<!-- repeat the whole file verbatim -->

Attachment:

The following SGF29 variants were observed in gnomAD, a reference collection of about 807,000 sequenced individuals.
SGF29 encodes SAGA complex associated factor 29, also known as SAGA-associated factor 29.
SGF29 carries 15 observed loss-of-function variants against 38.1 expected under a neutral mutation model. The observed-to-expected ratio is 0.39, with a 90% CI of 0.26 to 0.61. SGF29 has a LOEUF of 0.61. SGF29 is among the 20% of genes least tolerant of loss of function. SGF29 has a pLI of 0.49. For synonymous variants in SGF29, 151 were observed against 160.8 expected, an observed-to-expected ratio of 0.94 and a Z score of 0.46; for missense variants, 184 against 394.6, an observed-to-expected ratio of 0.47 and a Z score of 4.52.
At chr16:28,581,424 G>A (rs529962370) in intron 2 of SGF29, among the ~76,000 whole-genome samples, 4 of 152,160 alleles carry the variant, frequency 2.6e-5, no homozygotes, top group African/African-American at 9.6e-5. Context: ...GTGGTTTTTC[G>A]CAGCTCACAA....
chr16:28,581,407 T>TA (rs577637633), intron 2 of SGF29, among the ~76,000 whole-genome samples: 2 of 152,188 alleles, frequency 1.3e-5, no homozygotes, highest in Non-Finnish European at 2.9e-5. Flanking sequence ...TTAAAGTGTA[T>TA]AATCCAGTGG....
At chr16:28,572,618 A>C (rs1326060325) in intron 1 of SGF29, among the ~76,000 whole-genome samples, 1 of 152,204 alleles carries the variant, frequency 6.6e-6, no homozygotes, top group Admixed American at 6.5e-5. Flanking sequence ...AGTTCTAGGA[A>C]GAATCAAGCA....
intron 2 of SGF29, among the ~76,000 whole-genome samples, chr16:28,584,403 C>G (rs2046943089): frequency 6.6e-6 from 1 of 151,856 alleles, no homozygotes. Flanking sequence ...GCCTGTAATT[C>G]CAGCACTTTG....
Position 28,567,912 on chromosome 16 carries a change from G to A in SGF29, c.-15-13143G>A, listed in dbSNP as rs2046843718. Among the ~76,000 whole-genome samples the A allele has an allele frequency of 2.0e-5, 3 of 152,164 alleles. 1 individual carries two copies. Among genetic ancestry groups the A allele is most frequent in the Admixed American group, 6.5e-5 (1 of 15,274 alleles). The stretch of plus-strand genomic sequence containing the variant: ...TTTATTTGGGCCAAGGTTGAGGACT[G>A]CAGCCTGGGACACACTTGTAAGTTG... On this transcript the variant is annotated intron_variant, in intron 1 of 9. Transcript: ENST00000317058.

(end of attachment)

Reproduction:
The following SGF29 variants were observed in gnomAD, a reference collection of about 807,000 sequenced individuals.
SGF29 encodes SAGA complex associated factor 29, also known as SAGA-associated factor 29.
SGF29 carries 15 observed loss-of-function variants against 38.1 expected under a neutral mutation model. The observed-to-expected ratio is 0.39, with a 90% CI of 0.26 to 0.61. SGF29 has a LOEUF of 0.61. SGF29 is among the 20% of genes least tolerant of loss of function. SGF29 has a pLI of 0.49. For synonymous variants in SGF29, 151 were observed against 160.8 expected, an observed-to-expected ratio of 0.94 and a Z score of 0.46; for missense variants, 184 against 394.6, an observed-to-expected ratio of 0.47 and a Z score of 4.52.
At chr16:28,581,424 G>A (rs529962370) in intron 2 of SGF29, among the ~76,000 whole-genome samples, 4 of 152,160 alleles carry the variant, frequency 2.6e-5, no homozygotes, top group African/African-American at 9.6e-5. Context: ...GTGGTTTTTC[G>A]CAGCTCACAA....
chr16:28,581,407 T>TA (rs577637633), intron 2 of SGF29, among the ~76,000 whole-genome samples: 2 of 152,188 alleles, frequency 1.3e-5, no homozygotes, highest in Non-Finnish European at 2.9e-5. Flanking sequence ...TTAAAGTGTA[T>TA]AATCCAGTGG....
At chr16:28,572,618 A>C (rs1326060325) in intron 1 of SGF29, among the ~76,000 whole-genome samples, 1 of 152,204 alleles carries the variant, frequency 6.6e-6, no homozygotes, top group Admixed American at 6.5e-5. Flanking sequence ...AGTTCTAGGA[A>C]GAATCAAGCA....
intron 2 of SGF29, among the ~76,000 whole-genome samples, chr16:28,584,403 C>G (rs2046943089): frequency 6.6e-6 from 1 of 151,856 alleles, no homozygotes. Flanking sequence ...GCCTGTAATT[C>G]CAGCACTTTG....
Position 28,567,912 on chromosome 16 carries a change from G to A in SGF29, c.-15-13143G>A, listed in dbSNP as rs2046843718. Among the ~76,000 whole-genome samples the A allele has an allele frequency of 2.0e-5, 3 of 152,164 alleles. 1 individual carries two copies. Among genetic ancestry groups the A allele is most frequent in the Admixed American group, 6.5e-5 (1 of 15,274 alleles). The stretch of plus-strand genomic sequence containing the variant: ...TTTATTTGGGCCAAGGTTGAGGACT[G>A]CAGCCTGGGACACACTTGTAAGTTG... On this transcript the variant is annotated intron_variant, in intron 1 of 9. Transcript: ENST00000317058.